The Neuschwanstein Castle, located in Germany's Bavarian region, is the ultimate when you are thinking of fantasy castles. It is the quintessential 19th-century romantic palace. 

Commissioned by King Ludwig II of Bavaria as a retreat and homage to Richard Wagner, Neuschwanstein Castle is one of the world’s most photographed royal residences. It was built using his personal funds (and through extensive borrowing) and opened to the public shortly after his death in 1886. It is believed to have inspired Disneyland's Sleeping Beauty Castle with its over-the-top Romanesque Revival architecture. 

It is located just east of Füssen, with its spires and towers soaring high above the Pollat River gorge. The castle is a result of one of Louis II of Bavaria's flights of fancy. This is just one of the three royal palaces built for 'mad King Ludwig' as Louis II is called, but it is the most beautiful and popular of the three. 


King Ludwig II’s vision for the castle was inspired by trips he made to the reconstructed Wartburg Castle near Eisenach and the Château de Pierrefonds, both of which he saw as being a romantic interpretation of the Middle Ages. He wanted a retreat that embodied the musical mythology of his friend, Richard Wagner, with the operas Tannhäuser and Lohengrin had made a particularly strong impression on him. In fact, most of the rooms are adorned by carvings and paintings inspired by his operas. The images feature the themes of love and salvation, kings and knights, lovers and poets. The predominant image of the castle is the swan. The palace also served as a retreat for Ludwig II. He stayed there on and off for six months.

Construction of the castle began in 1869. However, it was left unfinished at his death. Ludwig II conceptualized the whole thing, and it was designed by Christian Jank, who was more a theatrical set designer than an architect. The technical know-how was provided by Eduard Riedel and Georg Dollmann. Ludwig II actively participated in its design.

Neuschwanstein Castle is composed of a gatehouse, a citadel or palace, a Bower, and a Knight's House. Inside the palace, you can see the Throne Hall, the Grotto, the Singer's Hall, and the king's suite. You will pass by the main hall, which is composed of deep copper red porphyry. You climb up white Carrara marble steps to the Throne Hall. The Hall features a chandelier generously encrusted with gems, a mosaic design depicting animals from various parts of the world, plus a mural of Jesus looking down on his twelve disciples. However, the throne itself was never finished. This was designed by J. Hofmann. The King's suite houses an ornate four-poster bed, a sink with running water, and a flushing toilet. This room is filled with elaborate carvings, works which took over 4 years to finish. These carvings depict stories such as that of Tristan and Isolde and panels that are designed like Gothic windows.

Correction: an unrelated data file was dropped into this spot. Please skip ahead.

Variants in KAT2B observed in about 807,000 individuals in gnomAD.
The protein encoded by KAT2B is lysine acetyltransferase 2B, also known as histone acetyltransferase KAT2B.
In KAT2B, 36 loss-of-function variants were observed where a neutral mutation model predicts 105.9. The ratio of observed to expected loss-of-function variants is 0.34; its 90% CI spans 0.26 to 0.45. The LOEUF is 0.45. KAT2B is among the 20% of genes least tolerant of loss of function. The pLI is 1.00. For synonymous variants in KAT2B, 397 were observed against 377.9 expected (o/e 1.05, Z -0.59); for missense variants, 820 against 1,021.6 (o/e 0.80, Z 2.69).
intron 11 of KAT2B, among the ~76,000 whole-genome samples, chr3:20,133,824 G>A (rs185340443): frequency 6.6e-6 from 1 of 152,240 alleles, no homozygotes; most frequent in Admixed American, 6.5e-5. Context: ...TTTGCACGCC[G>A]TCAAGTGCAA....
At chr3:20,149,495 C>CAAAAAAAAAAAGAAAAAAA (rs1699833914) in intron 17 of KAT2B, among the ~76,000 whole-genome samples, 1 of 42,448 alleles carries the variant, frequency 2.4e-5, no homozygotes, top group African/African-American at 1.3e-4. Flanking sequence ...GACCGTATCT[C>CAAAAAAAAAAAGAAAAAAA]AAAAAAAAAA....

Many reflect a German historicist style fitted with some of the 19th century’s latest technical innovations, such as a battery-powered bell system to summon servants, running warm water and flushing toilets. 

The Hall of the Singers is the largest room in the castle and decorated with themes from Lohengrin and Parzival, while the Throne Hall is adorned in paintings of Jesus, the Twelve Apostles and the six canonized kings. On the fourth floor, it is in this large room,  where the king watched performances by playwrights and musicians. This hall is designed like the one in Wartburg, with frescoes showing Parsifal as well as marble columns. 

There is also a servants' quarters, a dining room, a study, and hot and cold water in the kitchen. There is even a room that is designed to look like a cavern. Although the castle's design is Medieval, there are modern amenities installed such as running water, automatic flush toilets, and a centralized heat system that warms the rooms. Some parts of the castle remain unfinished.

Schloss Neuschwanstein teeters above the village of Füssen and is located around 30 minutes’ walk uphill. Visitors are welcome to wander around the castle's exterior or explore its lavish rooms and period furnishings. The original plans included more than 200 rooms, but only 15 were ever finished, including the Throne Hall, the king’s staterooms and the servants' quarters. 

A visit in September would usually offer more performances available for viewing.